Jason goes to Indiefest--Day 8

Two more movies last Thursday.

First up, the high school comedy TIM TIMMERMAN, HOPE OF AMERICA. Tim Timmerman is a young politician. Senior class President, he has some slick people skills, but doesn't really apply himself. He's basically coasting by on his charisma and taking advantage of everyone. And he's really only doing this to pad out his resume and get into Yale--even though with his grades he doesn't have much of a chance. When he's given an opportunity to collaborate with the senior class President of a rival school, he blows her off, until he realizes her father is a senator who could help his career. But in the course of taking advantage of her (not that way, you perv) he actually starts falling for her. He's not such a bad guy, it's just his natural people skills have made life pretty easy for him, until someone finally challenges him. This is the kind of movie that could have been really trite and unappealing, but the performances were great, the script has a few unexpected turns, and Tim is, in the end, a likable enough guy that you root for him (especially because his main rivals are much, much worse.)

And then the documentary FINDING JOSEPH I. I hadn't known anything about the band BAD BRAINS or their lead singer HR before. A hardcore punk rocker, then a reggae singer and a preacher of peace an love. And an eccentric. And a little unhinged. And, as it turns out, pretty definitely schizophrenic. Using archival footage and interviews with friends, colleagues, and HR himself, we get an intimate view of his gifts and his curse. His amazing performances and his unpredictable behavior. His successes and his struggles--including many years homeless. You feel for the guy, and for the people who suffered his erratic behavior. And (spoiler alert!) you can cheer when he finally is diagnosed, gets medication, and sticks to it.

Total Running Time: 184 minutes
My Total Minutes: 417,801

Saturday, February 11, 2017

Jason goes to Indiefest--Day 7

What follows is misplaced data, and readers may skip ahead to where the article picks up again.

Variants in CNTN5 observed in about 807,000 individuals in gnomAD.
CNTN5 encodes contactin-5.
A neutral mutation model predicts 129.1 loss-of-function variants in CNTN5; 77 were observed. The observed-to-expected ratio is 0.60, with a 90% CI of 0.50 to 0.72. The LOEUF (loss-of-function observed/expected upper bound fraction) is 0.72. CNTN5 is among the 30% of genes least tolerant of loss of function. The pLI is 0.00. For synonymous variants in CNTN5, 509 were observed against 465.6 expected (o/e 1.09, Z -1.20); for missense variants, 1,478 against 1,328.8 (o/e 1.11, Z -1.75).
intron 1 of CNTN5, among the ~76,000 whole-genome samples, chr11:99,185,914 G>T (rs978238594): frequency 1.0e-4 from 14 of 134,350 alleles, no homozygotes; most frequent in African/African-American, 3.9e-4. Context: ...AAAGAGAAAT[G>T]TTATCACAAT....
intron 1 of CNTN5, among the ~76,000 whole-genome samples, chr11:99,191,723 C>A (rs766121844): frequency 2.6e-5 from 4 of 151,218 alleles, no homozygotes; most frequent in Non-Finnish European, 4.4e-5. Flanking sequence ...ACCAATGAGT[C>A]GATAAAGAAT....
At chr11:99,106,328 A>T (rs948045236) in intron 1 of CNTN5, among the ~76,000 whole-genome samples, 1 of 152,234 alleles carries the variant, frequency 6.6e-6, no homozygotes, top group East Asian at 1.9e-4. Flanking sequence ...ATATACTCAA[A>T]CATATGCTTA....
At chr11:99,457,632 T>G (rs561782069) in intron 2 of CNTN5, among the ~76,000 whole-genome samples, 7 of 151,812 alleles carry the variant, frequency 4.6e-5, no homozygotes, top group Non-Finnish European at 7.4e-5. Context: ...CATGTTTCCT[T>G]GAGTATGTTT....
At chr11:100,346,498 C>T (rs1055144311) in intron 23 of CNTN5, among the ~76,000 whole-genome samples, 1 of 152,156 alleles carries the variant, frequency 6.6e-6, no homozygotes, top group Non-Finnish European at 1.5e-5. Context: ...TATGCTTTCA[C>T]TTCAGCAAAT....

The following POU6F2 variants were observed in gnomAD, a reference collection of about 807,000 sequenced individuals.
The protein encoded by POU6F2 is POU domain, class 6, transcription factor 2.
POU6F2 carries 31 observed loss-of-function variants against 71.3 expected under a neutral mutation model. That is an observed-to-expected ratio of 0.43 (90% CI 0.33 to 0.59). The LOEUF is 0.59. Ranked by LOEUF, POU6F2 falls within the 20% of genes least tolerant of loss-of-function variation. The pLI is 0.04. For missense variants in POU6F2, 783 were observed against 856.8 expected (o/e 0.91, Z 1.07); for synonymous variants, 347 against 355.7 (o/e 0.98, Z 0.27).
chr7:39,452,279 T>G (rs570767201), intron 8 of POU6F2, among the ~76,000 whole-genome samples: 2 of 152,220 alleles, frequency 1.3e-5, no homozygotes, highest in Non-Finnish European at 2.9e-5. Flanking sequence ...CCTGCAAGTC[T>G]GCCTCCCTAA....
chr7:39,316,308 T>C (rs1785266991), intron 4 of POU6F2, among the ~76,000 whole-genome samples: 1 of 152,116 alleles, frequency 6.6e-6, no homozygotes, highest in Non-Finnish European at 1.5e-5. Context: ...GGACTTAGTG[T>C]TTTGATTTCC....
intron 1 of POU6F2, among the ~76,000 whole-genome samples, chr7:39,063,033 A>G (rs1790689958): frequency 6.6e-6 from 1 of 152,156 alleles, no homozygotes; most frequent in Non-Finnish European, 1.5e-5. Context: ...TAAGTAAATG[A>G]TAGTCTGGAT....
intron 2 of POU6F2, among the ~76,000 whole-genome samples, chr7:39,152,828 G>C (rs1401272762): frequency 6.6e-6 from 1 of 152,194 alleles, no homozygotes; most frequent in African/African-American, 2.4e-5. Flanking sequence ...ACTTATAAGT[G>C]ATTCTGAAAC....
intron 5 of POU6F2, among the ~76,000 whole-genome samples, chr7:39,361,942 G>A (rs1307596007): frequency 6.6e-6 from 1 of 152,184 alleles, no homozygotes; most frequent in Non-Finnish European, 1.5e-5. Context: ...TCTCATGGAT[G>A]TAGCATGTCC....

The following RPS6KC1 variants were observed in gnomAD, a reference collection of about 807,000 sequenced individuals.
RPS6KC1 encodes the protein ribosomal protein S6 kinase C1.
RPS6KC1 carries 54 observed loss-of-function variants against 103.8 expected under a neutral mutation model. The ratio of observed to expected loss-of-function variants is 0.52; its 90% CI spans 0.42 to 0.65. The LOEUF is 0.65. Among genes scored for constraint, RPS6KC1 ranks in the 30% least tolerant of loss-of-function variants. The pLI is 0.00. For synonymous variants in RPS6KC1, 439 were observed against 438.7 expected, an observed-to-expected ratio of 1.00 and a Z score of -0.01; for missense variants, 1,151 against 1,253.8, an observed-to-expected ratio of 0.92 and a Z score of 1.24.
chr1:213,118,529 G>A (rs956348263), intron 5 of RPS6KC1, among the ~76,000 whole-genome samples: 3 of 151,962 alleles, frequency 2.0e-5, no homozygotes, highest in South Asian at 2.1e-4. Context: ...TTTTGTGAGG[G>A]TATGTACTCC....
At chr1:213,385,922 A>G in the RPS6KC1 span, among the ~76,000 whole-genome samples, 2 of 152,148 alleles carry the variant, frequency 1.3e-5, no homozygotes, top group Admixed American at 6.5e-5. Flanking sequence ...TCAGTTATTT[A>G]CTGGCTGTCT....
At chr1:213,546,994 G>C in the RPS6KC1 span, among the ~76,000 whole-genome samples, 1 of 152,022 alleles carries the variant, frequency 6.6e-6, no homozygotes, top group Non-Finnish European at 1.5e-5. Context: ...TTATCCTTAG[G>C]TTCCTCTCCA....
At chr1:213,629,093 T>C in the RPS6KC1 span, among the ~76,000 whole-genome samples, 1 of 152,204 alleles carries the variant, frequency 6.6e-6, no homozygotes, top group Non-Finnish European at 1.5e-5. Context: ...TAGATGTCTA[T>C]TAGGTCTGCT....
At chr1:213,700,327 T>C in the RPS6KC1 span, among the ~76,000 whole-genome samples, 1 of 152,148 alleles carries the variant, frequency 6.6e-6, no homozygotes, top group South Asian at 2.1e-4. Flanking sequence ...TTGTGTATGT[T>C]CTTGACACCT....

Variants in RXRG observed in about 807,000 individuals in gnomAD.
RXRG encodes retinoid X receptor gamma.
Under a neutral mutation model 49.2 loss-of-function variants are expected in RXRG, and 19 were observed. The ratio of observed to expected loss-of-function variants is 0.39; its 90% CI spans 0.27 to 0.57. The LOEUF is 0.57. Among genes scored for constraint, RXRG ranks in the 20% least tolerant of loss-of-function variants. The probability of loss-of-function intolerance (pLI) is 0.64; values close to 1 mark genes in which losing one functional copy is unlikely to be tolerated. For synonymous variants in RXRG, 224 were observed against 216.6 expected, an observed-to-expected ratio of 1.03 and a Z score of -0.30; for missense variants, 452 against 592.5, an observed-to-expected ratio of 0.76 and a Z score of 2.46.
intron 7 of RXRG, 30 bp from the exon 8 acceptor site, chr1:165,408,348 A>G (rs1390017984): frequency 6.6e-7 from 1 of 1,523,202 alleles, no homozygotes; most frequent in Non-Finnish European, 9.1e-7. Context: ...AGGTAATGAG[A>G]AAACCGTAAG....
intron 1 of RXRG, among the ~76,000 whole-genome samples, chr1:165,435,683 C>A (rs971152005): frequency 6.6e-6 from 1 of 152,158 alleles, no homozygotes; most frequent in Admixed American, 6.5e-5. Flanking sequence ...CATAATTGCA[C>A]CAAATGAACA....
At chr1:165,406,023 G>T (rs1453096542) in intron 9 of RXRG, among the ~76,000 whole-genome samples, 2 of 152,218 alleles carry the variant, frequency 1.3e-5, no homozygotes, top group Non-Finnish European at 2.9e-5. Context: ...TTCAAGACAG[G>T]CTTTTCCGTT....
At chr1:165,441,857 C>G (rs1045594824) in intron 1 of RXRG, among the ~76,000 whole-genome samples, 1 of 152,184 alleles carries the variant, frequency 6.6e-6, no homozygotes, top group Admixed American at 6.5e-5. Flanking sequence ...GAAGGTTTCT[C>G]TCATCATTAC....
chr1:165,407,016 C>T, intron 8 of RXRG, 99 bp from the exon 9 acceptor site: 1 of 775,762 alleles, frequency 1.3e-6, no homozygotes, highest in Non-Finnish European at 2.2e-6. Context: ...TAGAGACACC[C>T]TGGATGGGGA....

Two more on Wednesday, starting with the low-budget sci-fi TWENTY TWENTY-FOUR. In the near future (the year 2024, to be precise--and this was made before the recent Presidential election, so that's a total coincidence) the threat of global nuclear war is so great that the government has built a series of underground bunkers to house scientists who will save the species and eventually repopulate the Earth. But this is really an excuse to make a sci-fi film with just one character in an isolated location. One scientist, Roy (Andrew Kinsler) maintains a bunker with the help of a computer screen and the occasional holographic message from up top. As the isolation sets in, he starts to question his reality--has the nuclear war already broken out? Is there no war, and it's all safe? Is he actually the subject of an experiment on isolation? Or is he one in a long line of caretakers of the facility? Or many other interpretations. And it became clear in the Q&A that the director, Richard Mundy, doesn't know which one is true either. Which explains why I found it vaguely unsatisfying. See, I can look at it and realize it's a clever approach to minimal-budget filmmaking. The actor is great, the sets are great, and I have no problem with ambiguity. I like ambiguity (or do I? Maybe I'm lying right now) but when the whole point of the film is ambiguity, what's the point of trying to decide which one is right? That "what's the point?" feeling kind of infects the film. Like it doesn't feel like it was made to explore ideas and feelings of isolation and insanity, it feels like it was made to make something cool for cheap--one actor, one setting. But the skill is definitely there, and it was a very well made film. I'm eager to see Mundy make a film that starts with a point.